A Memorial Day Grill Fest: Grilled Lamb Kebabs with Turkish Spices

The Unofficial Start to Summer

Across the country, not just the Flyover States, Memorial Day serves as the unofficial start to the summer season. Pools open and cookouts beckon. The grills get fired up (and yes, I too plan to partake of this). In that spirit, I am sharing with you a recipe I’ll be grilling today: Lamb Kebabs with Turkish Spices. But before I do that, I want to take a look at Memorial Day, the holiday, the one without the potato salad and 40%-off sales

From Whence It Came: Decoration Day

Memorial Day got its start as Decoration Day back in the mid-1800s (May 30, 1868, to be exact). It was designed to commemorate the war dead—people were asked to decorate the graves of soldiers who’d perished in the Civil War, which ended in 1865. Approximately 20 years later, the name changed to Memorial Day, but the commemoration remained the same.

In the ensuing years, Memorial Day, which was once celebrated on May 30 but is now the last Monday in May, became associated more with the start of summer fun than a way to honor those who lost their lives in conflict. While I see nothing wrong with enjoying friends and family, I do believe it is important to remember the real reason for the holiday—a way to recall those who made the ultimate sacrifice. So, sometime this weekend, think of them, whether at a service or just a silent pause.

Grilling—The Warm-Weather Cooking Technique Returns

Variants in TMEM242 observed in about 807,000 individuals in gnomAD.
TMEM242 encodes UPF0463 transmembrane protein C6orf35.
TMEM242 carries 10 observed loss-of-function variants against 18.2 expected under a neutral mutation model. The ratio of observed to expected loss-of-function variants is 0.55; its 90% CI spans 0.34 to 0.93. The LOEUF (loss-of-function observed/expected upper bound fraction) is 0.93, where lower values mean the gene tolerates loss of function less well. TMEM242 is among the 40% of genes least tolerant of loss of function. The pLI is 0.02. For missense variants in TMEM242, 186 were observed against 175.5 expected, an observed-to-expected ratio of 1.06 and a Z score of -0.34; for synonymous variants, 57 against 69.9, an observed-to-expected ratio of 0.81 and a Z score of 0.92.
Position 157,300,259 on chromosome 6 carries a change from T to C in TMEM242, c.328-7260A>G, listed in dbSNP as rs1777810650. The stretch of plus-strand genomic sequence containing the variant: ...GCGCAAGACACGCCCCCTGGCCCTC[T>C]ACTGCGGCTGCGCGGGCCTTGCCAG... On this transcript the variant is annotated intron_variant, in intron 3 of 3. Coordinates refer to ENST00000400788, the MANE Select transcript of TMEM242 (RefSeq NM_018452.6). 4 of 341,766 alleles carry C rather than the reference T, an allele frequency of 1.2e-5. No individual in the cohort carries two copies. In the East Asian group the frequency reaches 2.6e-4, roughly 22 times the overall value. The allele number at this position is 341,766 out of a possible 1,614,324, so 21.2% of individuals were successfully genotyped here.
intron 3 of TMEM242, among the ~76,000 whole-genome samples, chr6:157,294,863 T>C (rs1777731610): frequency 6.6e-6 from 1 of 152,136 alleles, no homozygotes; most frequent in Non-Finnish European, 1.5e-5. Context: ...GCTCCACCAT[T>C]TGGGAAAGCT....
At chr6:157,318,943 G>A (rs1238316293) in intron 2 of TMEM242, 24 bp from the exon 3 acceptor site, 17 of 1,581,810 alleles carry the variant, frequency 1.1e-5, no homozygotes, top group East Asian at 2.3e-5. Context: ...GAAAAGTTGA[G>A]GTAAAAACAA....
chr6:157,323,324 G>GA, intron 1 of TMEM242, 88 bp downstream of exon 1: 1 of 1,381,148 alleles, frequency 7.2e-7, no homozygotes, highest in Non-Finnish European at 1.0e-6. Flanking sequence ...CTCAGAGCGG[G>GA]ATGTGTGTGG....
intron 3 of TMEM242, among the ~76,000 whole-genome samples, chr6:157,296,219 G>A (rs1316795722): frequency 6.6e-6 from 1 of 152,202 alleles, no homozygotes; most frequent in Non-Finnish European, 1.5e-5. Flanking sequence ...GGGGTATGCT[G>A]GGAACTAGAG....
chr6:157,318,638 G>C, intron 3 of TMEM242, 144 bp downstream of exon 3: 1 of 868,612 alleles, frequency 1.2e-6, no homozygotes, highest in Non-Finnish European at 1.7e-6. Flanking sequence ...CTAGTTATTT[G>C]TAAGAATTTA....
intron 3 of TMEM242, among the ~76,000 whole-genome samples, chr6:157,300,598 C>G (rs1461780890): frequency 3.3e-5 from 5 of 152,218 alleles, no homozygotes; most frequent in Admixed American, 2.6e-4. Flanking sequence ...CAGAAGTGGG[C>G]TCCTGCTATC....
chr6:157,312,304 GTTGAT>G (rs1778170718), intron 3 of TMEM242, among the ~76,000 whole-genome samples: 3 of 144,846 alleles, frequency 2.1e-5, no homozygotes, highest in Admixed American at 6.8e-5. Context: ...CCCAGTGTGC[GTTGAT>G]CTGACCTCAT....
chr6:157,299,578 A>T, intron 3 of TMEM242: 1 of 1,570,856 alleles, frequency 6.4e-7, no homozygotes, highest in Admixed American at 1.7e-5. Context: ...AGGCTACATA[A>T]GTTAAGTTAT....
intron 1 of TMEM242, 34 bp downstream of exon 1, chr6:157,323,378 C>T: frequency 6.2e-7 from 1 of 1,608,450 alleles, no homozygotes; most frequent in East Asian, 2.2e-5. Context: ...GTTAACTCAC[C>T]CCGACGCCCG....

Okay, I haven’t fired up the grill since October, but with warm, summertime temperatures having arrived, it’s time to break out the charcoal (yes, I’m a purist—no gas for this girl!) and start generating that live-fire mojo. One of my favorite things to grill is local lamb, in this case lamb from Russell Sheep Company of Eaton, Indiana. Diane Russell’s smiling face is one of my favorite sights on my weekly trip to Minnetrista Farmer’s Market Saturday mornings. Her lamb is delicious and it’s local! I’ll write about Russell Sheep Company some other time, so you’ll learn all about it. But one form of lamb she sells is kebab meat, which I use for the kebabs (and I’ve also used it for stews and curries). And to round out my menu today, I’ll grill some local asparagus as an accompaniment.

Lamb Kebabs with Turkish Spices

Serves 4

What You’ll Need

  • measuring spoons
  • cutting board
  • sharp knife
  • bowl
  • garlic press (optional)
  • plastic wrap
  • skewers

Ingredients

  • 1 lb. lamb leg or shoulder meat, cut into 1-in pieces
  • 2 Tbsp extra-virgin olive oil
  • 1 Tbsp tomato paste
  • 1 tsp dried thyme (or 1 Tbsp fresh)
  • ¼ tsp sweet paprika
  • 1/8 tsp cayenne pepper (omit if you don’t like spicy food)
  • 1/8 tsp ground allspice
  • 1/8 tsp cinnamon
  • 1/8 tsp ground cumin
  • 1-2 tsp ground sumac
  • 1-2 cloves garlic, minced or pressed
  • 1 tsp salt
  • Pepper to taste

How To Make the Kebabs

Sorry, no pictures this time! I’ll add one after I grill them!

  1. In a bowl combine all ingredients except lamb. Taste for salt/pepper (add more if necessary)
  2. Pat lamb cubes dry and add to mixture in bowl. Toss to combine. Cover and place in refrigerator for about 4 hours
  3. Start a hot charcoal fire (direct high fire)—I said I was a charcoal purist!
  4. After coals have been started but before they are ready for grilling, remove lamb and thread onto 4 skewers (the flatter kind are best). When grill is ready, place skewers on grill and cook until a little charred (about 5-10 minutes). Turn occasionally to make sure that all sides get cooked
  5. Serve immediately.

And They Were Delicious!

LambKebabs

Edited this post to show everyone my Memorial Day dinner!
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